I can imagine three possibilities. 1. The shop replaced the LIM gaskets, UIM gasket and UIM, but never changed the oil that was contaminated when you took it to the shop. - incompetent. 2. The shop somehow improperly installed the components (hard to imagine), perhaps forgetting to tighten some of the LIM or UIM bolts. - incompetent. 3. The shop never did the work. - dishonest. (2 or 3 should be pretty easy to confirm by a tear-down examination by a third party.)

While possibilities 2 and 3 are not likely, I can readily imagine many circumstances where the shop may have failed to change the originally contaminated oil. (Perhaps a helper was assigned to do it and simply forgot. ) The contaminated oil destroyed the bearings and resulted in the spun rod bearing and engine seizure you suffered. I cannot imagine a reasonable possibility where the shop is not responsible for the damage.

By draining the oil and pulling the pan, the mechanic has, of course, removed the evidence that there was coolant in the oil. There may be one small chance of remaining evidence. The oil filter may contain coolant at the bottom if the shop did not think to remove and dump it too.
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Old 03-31-2007, 09:05 PM   #7
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thank you for your replies. i am definately going to put your advise to good use. i cannot thank you enough! if there is anything else that you can add, none of your suggestions and/or opinions will go to waste. thanks again!!!
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Old 04-01-2007, 01:00 AM   #8
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<<While possibilities 2 and 3 are not likely, I can readily imagine many circumstances where the shop may have failed to change the originally contaminated oil. >>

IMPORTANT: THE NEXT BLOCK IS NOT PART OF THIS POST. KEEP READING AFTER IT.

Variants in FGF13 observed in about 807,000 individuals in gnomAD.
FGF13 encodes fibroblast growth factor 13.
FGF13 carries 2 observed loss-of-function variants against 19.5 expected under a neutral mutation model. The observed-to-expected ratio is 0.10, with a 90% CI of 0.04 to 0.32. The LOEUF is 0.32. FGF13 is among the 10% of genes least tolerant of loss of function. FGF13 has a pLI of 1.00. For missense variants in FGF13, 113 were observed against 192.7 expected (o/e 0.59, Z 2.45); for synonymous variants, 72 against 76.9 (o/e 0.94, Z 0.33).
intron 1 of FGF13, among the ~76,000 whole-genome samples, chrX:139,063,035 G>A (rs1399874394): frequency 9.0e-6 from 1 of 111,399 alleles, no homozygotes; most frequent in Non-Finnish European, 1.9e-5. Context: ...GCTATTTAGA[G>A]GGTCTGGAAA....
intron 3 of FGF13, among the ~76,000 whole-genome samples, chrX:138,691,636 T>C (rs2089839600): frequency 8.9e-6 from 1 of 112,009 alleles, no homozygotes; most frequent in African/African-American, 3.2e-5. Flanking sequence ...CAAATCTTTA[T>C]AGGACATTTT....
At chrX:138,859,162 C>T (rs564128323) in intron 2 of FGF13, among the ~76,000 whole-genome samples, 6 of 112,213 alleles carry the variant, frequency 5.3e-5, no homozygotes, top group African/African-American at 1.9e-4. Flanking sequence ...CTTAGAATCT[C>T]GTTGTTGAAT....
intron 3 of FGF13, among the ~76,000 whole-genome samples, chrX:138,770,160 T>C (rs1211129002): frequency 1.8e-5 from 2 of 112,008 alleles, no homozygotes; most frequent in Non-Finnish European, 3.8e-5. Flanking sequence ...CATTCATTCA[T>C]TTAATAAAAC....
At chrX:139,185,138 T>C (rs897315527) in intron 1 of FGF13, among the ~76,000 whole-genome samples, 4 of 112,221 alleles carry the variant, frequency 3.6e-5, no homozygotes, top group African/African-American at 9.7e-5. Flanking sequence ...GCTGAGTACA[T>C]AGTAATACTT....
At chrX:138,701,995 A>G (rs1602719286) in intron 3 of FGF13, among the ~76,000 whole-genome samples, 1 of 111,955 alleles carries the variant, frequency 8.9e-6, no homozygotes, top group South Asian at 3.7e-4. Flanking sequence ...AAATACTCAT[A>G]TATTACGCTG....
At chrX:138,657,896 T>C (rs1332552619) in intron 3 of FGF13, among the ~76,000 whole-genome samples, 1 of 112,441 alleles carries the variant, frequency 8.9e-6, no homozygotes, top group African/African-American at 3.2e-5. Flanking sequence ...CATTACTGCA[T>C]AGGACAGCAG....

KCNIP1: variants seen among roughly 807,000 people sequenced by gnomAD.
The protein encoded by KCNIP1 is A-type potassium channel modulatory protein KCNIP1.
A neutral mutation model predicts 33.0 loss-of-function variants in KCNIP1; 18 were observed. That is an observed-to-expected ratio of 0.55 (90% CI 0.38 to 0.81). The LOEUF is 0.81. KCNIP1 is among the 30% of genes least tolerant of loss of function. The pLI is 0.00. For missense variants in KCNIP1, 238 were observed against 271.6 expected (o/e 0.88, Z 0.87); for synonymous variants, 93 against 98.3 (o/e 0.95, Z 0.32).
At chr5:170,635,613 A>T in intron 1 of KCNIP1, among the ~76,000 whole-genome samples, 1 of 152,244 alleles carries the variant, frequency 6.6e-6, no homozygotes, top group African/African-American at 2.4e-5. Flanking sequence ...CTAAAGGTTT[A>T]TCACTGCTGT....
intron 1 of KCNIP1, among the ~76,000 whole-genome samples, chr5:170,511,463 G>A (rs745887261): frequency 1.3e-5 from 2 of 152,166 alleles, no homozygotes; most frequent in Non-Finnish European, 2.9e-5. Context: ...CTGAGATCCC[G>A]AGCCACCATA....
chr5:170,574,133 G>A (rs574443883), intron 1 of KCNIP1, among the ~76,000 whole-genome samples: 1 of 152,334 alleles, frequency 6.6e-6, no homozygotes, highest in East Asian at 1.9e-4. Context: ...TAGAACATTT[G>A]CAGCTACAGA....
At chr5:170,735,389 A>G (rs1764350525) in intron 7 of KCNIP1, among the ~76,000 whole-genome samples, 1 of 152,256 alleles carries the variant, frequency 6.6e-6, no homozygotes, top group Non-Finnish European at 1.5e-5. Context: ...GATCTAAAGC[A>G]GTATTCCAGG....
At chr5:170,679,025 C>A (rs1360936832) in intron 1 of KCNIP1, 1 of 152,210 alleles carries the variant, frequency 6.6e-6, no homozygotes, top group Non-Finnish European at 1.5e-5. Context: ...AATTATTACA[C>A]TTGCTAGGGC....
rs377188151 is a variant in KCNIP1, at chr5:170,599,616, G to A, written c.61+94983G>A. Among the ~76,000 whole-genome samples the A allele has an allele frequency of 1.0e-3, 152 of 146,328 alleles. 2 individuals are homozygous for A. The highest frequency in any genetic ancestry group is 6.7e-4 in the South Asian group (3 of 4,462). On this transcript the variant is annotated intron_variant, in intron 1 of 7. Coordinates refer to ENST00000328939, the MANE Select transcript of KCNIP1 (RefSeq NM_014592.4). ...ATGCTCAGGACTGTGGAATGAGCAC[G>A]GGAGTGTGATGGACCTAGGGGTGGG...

I agree. Most likely scenario!

What specific work does your receipt show? There is an outside chance the receipt may not show new oil and filter. Man, would that be a dead give-a-way.

I still say the tow driver'* statement could hold up better in court than the shop mechanics' statements if push comes to shove...........and I think it will.
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Old 04-01-2007, 01:53 AM   #9
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Is there any other sings that antifeeze could be in the oil like dis-coloration on the spark plugs or on the oil cap. Just tring to get more info before presenting my case. Thank you guys.
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Old 04-01-2007, 02:49 PM   #10
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the receipt shows this...

PART DESCRIPTION
oil filter - 4.95
mobil drive clean motor oil - 12.50
lower intake gasket set - 142.96
upper intake manifold set - 40.00
radiator anti freeze AFI - 16.00
radiator power flush kit - 13.50
valve cover gasket (supercharger) - 105.50
shop supplies hazardous materials - 12.00


LABOR DESCRIPTION
engine diagnostics (check engine light on & failed emission test) - 69.99

lube, oil, and filter - 8.50

lubricate & check chassis. change oil & oil filter. check air filter & breather filter. check all fluid levels & tire pressures. perform basic safety inspection.
check exhaust system. heater makes noise up at dash board.

intake manifold gasket - remove & replace - 3.8L eng,eng VIN 1 supercharger - both upper & lower - 265.00

labor - radiator power flush - 30.45

valve cover gasket - remove & replace (includes: camshaft covers on O.H.C. engines) both - 136.00